It's not as if NOT signing the petition or NOT visiting my representative would have meant I was having more conversations or doing more speaking gigs. It's not an either-or situation, but a both-and situation. I fully support you in encouraging folks to do more on-the-ground work, but I don't see the need to discourage people from doing the work they already are engaged in and feel good about.

Have you looked to see if there is an organization in the area that does speaker engagements? If you find one you can donate in order to support their work. I know that recent focus on marriage equality has funneled a lot of money away from organizations that educate on more general LGBT issues and especially the organizations that deal with youth issues.
I know in my area we have some organizations which train and provide speakers. It is these sorts of organizations which train and provide speakers and information of general LGBT issues that we need and we certainly need more youth services within our community.

Maybe we need to bring attention to the acceptable forms of CONDITIONAL love of parents toward their children...

I couldn't care less what straight folk think about me. I only care that the government lives by the Constitution and treats me equally. That's all I can fight for. I am not about preaching acceptance at all. They can do all they want to their own families, but one day those fuckers will realize that they missed having a wonderful son all their lives becaues of their own vile bigotry.

When his folks get to be in their 80s and need someone to wipe their asses, they hadn't better call on this brave young man.

They should be SO PROUD of their precious son for standing up for who he is.

This is what's meant by being PRO-FAMILY? Some people don't deserve the great kids they have. It's heart breaking! :-(((((

Just to pass this info on, it looks like pflagmacon.org has set up a system through their website and/or Facebook page where donations can be made to help out.
I can't completely verify as I am not on Facebook. {Part of my hermit issues.} :-) If someone else here could verify and let us know, I'm sure it would be appreciated.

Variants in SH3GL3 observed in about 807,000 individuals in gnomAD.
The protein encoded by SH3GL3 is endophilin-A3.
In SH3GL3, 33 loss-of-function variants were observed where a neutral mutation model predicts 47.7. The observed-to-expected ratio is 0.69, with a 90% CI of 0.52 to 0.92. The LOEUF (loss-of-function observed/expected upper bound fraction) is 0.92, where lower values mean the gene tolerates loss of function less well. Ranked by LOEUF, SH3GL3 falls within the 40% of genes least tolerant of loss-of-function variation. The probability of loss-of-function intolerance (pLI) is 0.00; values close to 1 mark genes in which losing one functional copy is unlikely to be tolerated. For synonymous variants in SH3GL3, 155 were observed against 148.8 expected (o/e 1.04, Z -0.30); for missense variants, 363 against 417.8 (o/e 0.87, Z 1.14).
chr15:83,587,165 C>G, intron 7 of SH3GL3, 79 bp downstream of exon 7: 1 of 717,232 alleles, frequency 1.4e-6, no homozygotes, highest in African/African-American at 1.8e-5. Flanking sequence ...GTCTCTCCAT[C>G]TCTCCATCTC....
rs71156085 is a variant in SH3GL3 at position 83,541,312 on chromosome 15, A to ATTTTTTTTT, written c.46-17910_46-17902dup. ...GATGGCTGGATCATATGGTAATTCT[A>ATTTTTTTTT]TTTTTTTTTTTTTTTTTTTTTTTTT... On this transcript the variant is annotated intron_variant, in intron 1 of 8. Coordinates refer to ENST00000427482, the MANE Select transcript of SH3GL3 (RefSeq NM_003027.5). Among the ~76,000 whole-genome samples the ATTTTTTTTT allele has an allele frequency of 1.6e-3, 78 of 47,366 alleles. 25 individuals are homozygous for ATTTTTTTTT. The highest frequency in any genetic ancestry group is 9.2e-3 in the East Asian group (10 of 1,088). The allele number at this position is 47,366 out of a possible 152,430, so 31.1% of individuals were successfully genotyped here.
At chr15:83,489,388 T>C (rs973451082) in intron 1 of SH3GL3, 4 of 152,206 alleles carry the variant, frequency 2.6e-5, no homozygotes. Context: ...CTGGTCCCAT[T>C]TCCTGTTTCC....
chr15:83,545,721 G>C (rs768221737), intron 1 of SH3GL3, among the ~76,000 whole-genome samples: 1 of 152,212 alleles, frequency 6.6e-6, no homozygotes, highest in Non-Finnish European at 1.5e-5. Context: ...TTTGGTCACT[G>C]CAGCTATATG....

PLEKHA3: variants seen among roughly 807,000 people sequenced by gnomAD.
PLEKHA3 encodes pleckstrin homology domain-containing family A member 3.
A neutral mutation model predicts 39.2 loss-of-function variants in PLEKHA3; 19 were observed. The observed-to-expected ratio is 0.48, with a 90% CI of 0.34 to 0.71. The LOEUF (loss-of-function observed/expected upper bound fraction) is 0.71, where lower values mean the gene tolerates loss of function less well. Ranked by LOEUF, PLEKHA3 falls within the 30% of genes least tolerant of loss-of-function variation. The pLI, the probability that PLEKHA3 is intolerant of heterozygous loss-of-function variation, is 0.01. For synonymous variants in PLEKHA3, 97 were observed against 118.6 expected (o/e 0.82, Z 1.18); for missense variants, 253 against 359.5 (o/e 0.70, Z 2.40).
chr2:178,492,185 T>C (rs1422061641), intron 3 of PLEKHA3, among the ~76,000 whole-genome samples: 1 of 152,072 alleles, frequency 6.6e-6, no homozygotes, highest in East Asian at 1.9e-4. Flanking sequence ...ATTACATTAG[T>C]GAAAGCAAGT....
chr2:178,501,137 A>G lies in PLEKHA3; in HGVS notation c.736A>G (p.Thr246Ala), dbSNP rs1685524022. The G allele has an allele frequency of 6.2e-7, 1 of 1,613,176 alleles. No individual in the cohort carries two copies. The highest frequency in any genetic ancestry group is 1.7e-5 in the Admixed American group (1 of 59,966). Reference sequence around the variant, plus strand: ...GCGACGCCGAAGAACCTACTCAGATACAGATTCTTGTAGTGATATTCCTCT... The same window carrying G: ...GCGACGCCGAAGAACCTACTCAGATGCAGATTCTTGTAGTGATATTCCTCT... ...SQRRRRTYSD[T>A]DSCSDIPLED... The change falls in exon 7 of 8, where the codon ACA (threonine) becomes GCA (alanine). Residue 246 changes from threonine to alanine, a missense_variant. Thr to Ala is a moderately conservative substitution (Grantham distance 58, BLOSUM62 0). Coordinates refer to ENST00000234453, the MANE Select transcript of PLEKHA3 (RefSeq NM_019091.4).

(If it could be crossposted at Pam's House Blend, that would also be really cool. Assuming it hasn't already.)

I was disowned by mt parents the second I took my first dose of estrogen. I used to work with LGBT homeless/runaway youth. I know first hand how hard and painful this situation can be for a young person.

Stories like this still make me sick way down deep in my stomach.

Facebook does have a page with a PayPal link for donations: http://www.facebook.com/#!/group.php?v=info&ref=search&gid=112406088769420

I can't vouch for the group or link, so I don't know if the money will actually go to Mr. Martin.

What a great kid! If his fucked-up parents don't want him, he can come live with me! And if he misses the South, he can just go to the other side of town and find all the rednecks he wants...

Shame shame on them how could they actually do that it's someone from their own blood i just don't get how these people dont seem to have a heart i WOULD like to have a talk with those parents!!!

Since this is so public, why aren't Derrick Martin's parents charged with child abuse or abandonment. Isn't he still a minor?

But then again, maybe he's safer by living away from them.

Not sure of the laws in Georgia, but Derrick is a Senior who recently turned 18, so that may preclude them from those charges.

Plus, it's Georgia, so I'm not sure the state would come to the defense of a gay kid.

I'm working on verifying a way to get support to Derrick. I've reached out to him personally and I'll report back as soon as I find a way.

Thanks, for this, let us know where we an send something for him.

I read an unconfirmed report that one of his parents is a teacher at his school. Does anyone have information which can confirm and then detail this?

I didn't hear that. i'll try and find out...

That's messed up. But it highlights the fact that we aren't really all that much further than we were in the 70's when it comes to some people.